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Anxiety, depression and being the funny one

I’ve written, rewritten and deleted this blog more times than I can actually remember. The timing has always seemed wrong. Every time the issue of depression or anxiety has become a topic of discussion it has been around real and tragic events. Talking about myself has just seemed tacky, like dining out on someone else’s pain.

In hindsight that may also have been a convenient excuse to keep putting it off, and I’m not going to do that anymore. If I can’t talk about it now, when everyone is talking about it, when we should be talking about it, it’s a bit gutless really.

Last week an insidious, lying, bastard of a disorder took some of the light from this world.

It was a shock because it happened to the funny one – the talented one, the one who everybody loved.

How could someone who brought so much joy to so many people possibly have been in such pain? It doesn’t make sense.

But in a sad and strange way it does. When you are the funny one you aren’t allowed to feel sad, or you won’t allow yourself to. You are the person that makes other people smile when they are feeling bad and when you can’t do that people don’t know how to handle it – you don’t know how to handle it – you feel like you are letting yourself and everyone else down. The pressure can be immense.

For those who know me well this is not news, but for those of you who don’t – my name is Anna Kirtlan and I have lived with mental illness for most of my life.

I don’t talk about it in detail that often. I was diagnosed in a time when people didn’t talk about it – there were no brave celebrities and sportspeople putting a face to mental illness, there were no campaigns letting people know that 1 in 5 people were going through the same thing you were and there was a constant fear that if you let someone know you could find yourself in a nice comfy padded room.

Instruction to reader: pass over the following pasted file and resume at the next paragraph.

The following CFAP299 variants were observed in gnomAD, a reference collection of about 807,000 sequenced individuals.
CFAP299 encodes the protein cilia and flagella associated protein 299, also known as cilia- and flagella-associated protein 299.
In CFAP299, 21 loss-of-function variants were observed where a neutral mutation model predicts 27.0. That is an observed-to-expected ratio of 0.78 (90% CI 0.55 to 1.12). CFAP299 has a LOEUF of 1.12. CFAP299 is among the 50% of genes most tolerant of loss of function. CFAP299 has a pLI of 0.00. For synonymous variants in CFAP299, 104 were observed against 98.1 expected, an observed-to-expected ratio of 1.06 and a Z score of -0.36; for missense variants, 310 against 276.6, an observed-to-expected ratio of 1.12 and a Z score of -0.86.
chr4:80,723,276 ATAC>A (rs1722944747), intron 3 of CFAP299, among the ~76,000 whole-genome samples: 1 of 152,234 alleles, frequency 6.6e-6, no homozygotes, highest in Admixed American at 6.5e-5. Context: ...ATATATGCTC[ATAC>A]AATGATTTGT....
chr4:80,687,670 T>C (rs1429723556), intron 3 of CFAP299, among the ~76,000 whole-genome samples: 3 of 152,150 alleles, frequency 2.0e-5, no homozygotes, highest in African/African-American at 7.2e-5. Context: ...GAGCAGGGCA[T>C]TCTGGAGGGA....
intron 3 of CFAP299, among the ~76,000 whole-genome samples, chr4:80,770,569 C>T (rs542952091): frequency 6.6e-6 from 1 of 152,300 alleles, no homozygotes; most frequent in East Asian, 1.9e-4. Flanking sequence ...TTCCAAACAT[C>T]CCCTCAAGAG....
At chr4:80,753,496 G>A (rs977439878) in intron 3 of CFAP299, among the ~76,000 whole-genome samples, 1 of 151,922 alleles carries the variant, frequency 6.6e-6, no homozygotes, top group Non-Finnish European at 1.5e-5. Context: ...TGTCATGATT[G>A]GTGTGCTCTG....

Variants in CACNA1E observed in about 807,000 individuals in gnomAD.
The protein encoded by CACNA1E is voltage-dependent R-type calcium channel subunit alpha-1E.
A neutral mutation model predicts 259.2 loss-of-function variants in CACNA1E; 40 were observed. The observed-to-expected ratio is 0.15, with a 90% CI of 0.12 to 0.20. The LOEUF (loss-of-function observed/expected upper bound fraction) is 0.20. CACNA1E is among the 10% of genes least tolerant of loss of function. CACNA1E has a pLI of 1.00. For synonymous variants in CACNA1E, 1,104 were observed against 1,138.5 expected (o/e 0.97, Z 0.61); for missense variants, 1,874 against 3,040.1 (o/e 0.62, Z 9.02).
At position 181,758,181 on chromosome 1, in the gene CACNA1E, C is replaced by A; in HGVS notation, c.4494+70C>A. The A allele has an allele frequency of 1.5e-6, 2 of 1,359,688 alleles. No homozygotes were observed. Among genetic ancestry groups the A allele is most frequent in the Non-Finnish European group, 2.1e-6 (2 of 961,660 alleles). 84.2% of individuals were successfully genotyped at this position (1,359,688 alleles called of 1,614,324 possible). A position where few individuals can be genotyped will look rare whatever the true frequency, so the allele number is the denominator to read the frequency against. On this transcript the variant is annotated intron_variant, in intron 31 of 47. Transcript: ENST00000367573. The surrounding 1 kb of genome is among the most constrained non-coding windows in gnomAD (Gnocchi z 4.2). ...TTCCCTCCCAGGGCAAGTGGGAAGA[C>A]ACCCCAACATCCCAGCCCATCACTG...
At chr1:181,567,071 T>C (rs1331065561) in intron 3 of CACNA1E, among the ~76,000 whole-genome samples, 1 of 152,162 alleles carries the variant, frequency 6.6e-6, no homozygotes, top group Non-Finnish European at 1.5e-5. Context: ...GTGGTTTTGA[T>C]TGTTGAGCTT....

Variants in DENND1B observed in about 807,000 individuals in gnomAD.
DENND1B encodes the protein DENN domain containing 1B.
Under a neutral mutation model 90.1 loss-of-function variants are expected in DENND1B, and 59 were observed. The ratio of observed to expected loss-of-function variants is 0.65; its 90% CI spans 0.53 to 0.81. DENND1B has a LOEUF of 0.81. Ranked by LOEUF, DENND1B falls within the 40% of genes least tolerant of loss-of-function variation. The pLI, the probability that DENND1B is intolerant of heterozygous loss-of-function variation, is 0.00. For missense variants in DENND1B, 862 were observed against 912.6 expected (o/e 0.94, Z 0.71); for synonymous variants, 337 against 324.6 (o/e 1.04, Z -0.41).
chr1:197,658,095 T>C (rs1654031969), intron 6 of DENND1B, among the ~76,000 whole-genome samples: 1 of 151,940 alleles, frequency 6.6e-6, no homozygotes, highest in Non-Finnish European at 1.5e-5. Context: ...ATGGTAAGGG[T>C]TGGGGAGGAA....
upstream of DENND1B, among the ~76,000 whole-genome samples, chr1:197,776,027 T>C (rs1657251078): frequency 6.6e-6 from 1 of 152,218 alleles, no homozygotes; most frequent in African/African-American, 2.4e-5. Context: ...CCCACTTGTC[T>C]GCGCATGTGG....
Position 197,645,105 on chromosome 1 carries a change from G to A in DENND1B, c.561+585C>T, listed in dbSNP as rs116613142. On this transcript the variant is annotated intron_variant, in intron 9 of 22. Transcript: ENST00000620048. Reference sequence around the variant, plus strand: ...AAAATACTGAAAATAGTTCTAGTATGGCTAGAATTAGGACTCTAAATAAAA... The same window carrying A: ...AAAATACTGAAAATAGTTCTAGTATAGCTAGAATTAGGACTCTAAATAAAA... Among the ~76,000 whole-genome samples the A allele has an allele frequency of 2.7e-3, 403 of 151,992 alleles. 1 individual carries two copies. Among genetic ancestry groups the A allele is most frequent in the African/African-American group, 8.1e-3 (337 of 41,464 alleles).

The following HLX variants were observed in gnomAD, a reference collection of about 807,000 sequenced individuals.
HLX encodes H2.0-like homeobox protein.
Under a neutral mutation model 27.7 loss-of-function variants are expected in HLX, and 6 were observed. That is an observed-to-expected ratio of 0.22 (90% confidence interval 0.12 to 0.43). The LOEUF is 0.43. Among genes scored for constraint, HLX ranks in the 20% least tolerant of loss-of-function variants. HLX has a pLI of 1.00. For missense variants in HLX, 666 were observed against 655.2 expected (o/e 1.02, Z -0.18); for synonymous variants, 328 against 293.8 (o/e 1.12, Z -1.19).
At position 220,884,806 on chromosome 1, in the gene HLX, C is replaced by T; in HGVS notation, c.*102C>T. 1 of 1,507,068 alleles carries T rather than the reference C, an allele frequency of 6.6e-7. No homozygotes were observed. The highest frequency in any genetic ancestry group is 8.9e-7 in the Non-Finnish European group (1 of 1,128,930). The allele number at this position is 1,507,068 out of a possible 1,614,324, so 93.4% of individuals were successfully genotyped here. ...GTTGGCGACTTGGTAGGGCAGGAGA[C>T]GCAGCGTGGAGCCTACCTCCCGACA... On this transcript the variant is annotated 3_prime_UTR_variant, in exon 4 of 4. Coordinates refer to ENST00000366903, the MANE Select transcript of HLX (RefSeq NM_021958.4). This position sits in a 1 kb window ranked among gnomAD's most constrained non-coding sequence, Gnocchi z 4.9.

Things have changed a lot but there is still that hangover there, there’s still the fear that lighting the fuse and pressing ‘publish’ on this post could have an impact on my life, my career prospects, the way people look at me.

What’s more important though is letting people who might be in that black hole right now know that they are not alone and with a little help they can claw themselves out.

Mental illness it does not make you weak. It does not make you selfish and you don’t need to just “cheer up and get over it”. You don’t need to justify feeling the way you do. You have an illness – and an illness can be treated.

So if one person stumbles across this blog and feels the stronger for it, then outing myself so publicly will be worth it.

It took me a long time to be able to speak out about this stuff. I felt I had to wait until I’d ‘proved myself’ – until I’d gotten my degree (which I was told by a well-meaning counselor not to pursue because the stress might be too much), my journalism diploma (which was much more stressful – and rewarding – than the degree) and had held down more than one high pressure job. I waited until I was chief reporter of a (albeit small) daily newspaper before I officially came out of the closet. That was before the paper had a website though – so you won’t find it if you google my name.

Several years ago now I did one of the scariest things of my life (and I am including sailing offshore in that list). I stood up in front of a hall full of teenage boys and talked about mental illness. I had been invited to do this after talking about my experiences in my weekly column – in support of a mental health awareness week initiative the district council had cooked up. The youth branch of the council had designed and produced bright orange t-shirts with five stick figures on then – one of those figures coloured in to represent the one in five who live with mental illness. The idea was to get as many people in town wearing them as possible.